Tax time is here, and across the nation, Americans are looking for ways to cut their taxes. One tax break that nearly everyone gets to take is known as the personal exemption, and the larger your family is, the more likely it is that you'll get to claim a greater number of personal exemptions. This lucrative tax break helps nearly all Americans in reducing their tax bills, except that restrictions apply to those with high levels of income. Below, we'll go through how personal exemptions work and whether you can claim your fair share.

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The basics of personal exemptions

Tax laws are complicated, but the personal exemption is pretty simple. You can take a personal exemption for yourself and for any dependents that you have. Joint filers can take one personal exemption for each spouse. For every exemption you have, you can reduce your taxable income by a certain amount that varies each year. For tax returns for 2016, the value of each personal exemption is $4,050.

The natural question that follows from that short description is who qualifies as a dependent under the tax laws. Most taxpayers who are parents claim their children as dependents if the children are under age 19 at the end of the year, a student under age 24, or disabled. To be a dependent, a child must live with you for more than half the year unless attending college. Children must also rely on others to provide half or more of their financial support during the year.

Sometimes, people other than children can be dependents. Among them are parents, grandparents, or others who live with you throughout the year. They must have income of less than $4,000, and you must provide more than half of their financial support for the year in order to claim them as dependents.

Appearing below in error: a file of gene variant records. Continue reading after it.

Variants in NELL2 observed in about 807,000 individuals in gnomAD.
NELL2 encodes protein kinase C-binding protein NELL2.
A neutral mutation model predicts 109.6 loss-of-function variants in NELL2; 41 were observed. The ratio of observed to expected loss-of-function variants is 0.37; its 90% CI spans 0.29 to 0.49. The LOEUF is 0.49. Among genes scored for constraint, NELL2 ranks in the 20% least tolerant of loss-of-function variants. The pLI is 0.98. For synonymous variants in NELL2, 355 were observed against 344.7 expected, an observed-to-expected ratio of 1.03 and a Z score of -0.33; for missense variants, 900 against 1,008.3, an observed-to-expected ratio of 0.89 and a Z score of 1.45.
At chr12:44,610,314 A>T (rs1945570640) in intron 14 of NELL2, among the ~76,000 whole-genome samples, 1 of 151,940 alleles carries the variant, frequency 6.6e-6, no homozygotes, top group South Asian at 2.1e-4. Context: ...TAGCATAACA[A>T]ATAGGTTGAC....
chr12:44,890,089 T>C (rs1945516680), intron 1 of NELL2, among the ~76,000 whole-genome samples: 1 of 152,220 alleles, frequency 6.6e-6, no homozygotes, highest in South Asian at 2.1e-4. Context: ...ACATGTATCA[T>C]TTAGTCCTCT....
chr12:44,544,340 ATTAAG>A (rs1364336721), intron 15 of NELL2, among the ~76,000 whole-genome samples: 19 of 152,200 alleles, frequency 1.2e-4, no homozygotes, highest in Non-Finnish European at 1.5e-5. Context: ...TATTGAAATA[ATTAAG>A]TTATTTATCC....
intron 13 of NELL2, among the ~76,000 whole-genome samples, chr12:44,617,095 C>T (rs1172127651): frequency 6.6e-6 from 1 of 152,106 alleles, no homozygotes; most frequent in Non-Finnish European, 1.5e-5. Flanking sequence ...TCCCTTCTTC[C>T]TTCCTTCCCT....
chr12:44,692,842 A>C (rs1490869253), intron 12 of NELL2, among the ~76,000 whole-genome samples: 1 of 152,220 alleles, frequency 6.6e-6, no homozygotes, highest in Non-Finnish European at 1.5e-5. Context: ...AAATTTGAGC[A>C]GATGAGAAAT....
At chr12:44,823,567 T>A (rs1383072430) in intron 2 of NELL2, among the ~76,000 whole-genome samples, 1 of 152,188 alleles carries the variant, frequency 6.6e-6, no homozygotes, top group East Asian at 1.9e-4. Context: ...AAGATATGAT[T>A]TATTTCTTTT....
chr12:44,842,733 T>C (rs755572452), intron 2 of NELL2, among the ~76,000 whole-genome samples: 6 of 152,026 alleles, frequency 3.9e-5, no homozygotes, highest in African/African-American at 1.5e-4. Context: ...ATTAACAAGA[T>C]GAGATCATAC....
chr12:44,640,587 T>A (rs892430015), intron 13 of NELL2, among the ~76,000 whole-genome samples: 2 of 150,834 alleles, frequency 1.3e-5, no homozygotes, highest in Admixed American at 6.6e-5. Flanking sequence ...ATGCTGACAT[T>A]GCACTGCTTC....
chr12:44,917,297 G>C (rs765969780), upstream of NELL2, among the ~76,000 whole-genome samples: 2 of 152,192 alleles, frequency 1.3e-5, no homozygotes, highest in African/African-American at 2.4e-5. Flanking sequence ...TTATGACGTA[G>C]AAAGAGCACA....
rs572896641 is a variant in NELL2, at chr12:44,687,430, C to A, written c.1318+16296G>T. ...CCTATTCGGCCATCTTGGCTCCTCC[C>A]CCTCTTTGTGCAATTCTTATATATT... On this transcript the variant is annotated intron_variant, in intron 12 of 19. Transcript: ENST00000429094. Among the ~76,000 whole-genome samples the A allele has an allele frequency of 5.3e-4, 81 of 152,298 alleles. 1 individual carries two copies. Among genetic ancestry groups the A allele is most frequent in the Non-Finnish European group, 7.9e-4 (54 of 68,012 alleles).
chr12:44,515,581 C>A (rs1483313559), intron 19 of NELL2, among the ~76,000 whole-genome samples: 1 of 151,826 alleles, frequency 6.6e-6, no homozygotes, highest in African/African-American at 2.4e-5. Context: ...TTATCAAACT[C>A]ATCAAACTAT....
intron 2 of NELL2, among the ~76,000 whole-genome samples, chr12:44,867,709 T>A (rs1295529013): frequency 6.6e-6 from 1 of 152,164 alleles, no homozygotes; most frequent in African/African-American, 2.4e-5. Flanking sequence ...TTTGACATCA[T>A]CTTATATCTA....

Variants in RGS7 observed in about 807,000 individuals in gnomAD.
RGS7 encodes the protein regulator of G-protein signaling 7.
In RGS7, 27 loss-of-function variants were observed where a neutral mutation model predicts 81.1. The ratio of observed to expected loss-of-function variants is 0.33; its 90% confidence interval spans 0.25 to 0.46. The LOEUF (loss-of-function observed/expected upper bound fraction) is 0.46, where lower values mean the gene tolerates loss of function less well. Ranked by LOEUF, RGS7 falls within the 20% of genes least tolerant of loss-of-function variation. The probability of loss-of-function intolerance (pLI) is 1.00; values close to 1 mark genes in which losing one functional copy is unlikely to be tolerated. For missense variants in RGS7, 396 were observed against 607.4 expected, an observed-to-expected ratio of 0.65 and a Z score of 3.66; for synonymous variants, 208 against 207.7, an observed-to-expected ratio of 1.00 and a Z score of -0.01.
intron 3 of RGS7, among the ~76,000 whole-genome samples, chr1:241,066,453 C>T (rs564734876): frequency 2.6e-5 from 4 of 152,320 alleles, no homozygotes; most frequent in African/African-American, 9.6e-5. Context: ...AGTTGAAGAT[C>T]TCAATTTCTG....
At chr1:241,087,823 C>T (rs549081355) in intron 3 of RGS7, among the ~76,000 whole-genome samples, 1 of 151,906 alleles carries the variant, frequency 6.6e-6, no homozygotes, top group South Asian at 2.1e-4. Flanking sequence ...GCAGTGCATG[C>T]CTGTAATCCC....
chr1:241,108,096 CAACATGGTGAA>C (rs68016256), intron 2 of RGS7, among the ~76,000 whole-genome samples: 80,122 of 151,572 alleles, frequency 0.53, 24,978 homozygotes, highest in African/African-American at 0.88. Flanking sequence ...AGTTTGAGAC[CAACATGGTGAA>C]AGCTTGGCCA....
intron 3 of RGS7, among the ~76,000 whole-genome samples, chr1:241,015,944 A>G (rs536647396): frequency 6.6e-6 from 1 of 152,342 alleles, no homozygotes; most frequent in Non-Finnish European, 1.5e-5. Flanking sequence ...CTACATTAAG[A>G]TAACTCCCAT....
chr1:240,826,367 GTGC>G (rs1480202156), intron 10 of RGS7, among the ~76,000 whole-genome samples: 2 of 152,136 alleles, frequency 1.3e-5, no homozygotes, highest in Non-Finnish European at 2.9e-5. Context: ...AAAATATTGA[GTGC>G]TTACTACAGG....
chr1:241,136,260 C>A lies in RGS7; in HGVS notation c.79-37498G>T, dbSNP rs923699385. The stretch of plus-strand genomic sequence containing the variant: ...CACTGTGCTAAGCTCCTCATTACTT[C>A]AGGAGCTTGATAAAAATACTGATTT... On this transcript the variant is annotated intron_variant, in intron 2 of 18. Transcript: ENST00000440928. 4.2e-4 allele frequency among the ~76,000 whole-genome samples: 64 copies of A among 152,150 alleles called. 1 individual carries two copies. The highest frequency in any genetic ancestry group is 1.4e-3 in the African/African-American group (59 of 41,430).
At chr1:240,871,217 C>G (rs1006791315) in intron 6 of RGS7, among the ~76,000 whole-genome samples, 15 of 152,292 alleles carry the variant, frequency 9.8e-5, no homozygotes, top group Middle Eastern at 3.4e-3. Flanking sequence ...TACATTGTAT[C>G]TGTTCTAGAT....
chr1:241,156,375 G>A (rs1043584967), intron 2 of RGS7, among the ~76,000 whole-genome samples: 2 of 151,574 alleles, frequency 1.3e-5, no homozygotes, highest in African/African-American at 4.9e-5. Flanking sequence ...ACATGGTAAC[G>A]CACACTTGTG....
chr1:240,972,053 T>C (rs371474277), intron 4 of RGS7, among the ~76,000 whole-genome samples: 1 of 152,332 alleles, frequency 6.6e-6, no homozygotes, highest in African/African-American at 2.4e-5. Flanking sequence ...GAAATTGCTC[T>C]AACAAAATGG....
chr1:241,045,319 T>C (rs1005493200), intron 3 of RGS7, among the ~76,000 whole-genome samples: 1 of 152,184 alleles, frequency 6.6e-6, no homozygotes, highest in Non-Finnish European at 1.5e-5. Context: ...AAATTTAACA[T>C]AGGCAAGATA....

The tax laws don't allow double-dipping of personal exemptions. If you are someone else's dependent, then you can't claim your own personal exemption on your tax return. In other words, any one person can only have one personal exemption claimed -- regardless of the tax return where that exemption appears.

How many personal exemptions do Americans get to take?

The personal exemption is one of the most popular tax breaks. Almost 138 million taxpayers took advantage of personal exemptions during the most recent year for which IRS data is available. The total tax write-off that these taxpayers received was more than $1.12 trillion.

When you do the math, what that means is that the average American taxpaying household got a reduction in taxable income of $8,134. That works out to slightly more than two personal exemptions per return on average.

How high-income taxpayers get left out

The U.S. tax system is progressive, and some tax breaks aren't available if your income is too high. Personal exemptions are one such provision, because the amount you can claim starts to go down once your adjusted gross income exceeds certain amounts.

Below, you can see the income limits that apply for 2016 tax returns.

Filing Status

Personal Exemption Phaseout Begins at This Income Level...

... and Ends at This Income Level

Single

$259,400

$381,900

Married Filing Jointly

$311,300

$433,800

Head of Household

$285,350

$407,850

Married Filing Separately

$155,650

$216,900

Source: IRS.

It takes some math to figure out how much of your personal exemption gets phased out. Start with the number in the middle column above. For every $2,500 or part thereof ($1,250 for those who are married filing separately), the total amount you can claim on personal exemptions drops by 2%.

So for instance, say you're single and had adjusted gross income of $309,000. Your income is $49,600 above the lower threshold, and the next higher multiple of $2,500 is $50,000. $50,000 divided by $2,500 is 20, so you'll lose 20 times 2% or 40% of your personal exemptions.

Interestingly, the phase-out amount is based on a percentage of your total personal exemptions, not a strict dollar amount. Even if you have a large family with multiple exemptions, you'll still get completely phased out at the same income, as noted in the right column in the chart above.

Take what's coming to you

For most people, though, personal exemptions don't get phased out at all, and that leads to an average reduction in taxable income that can take anywhere from $800 to $2,700 off your tax bill. Be sure you know the rules and get every personal exemption you're entitled to take on your tax return this year.

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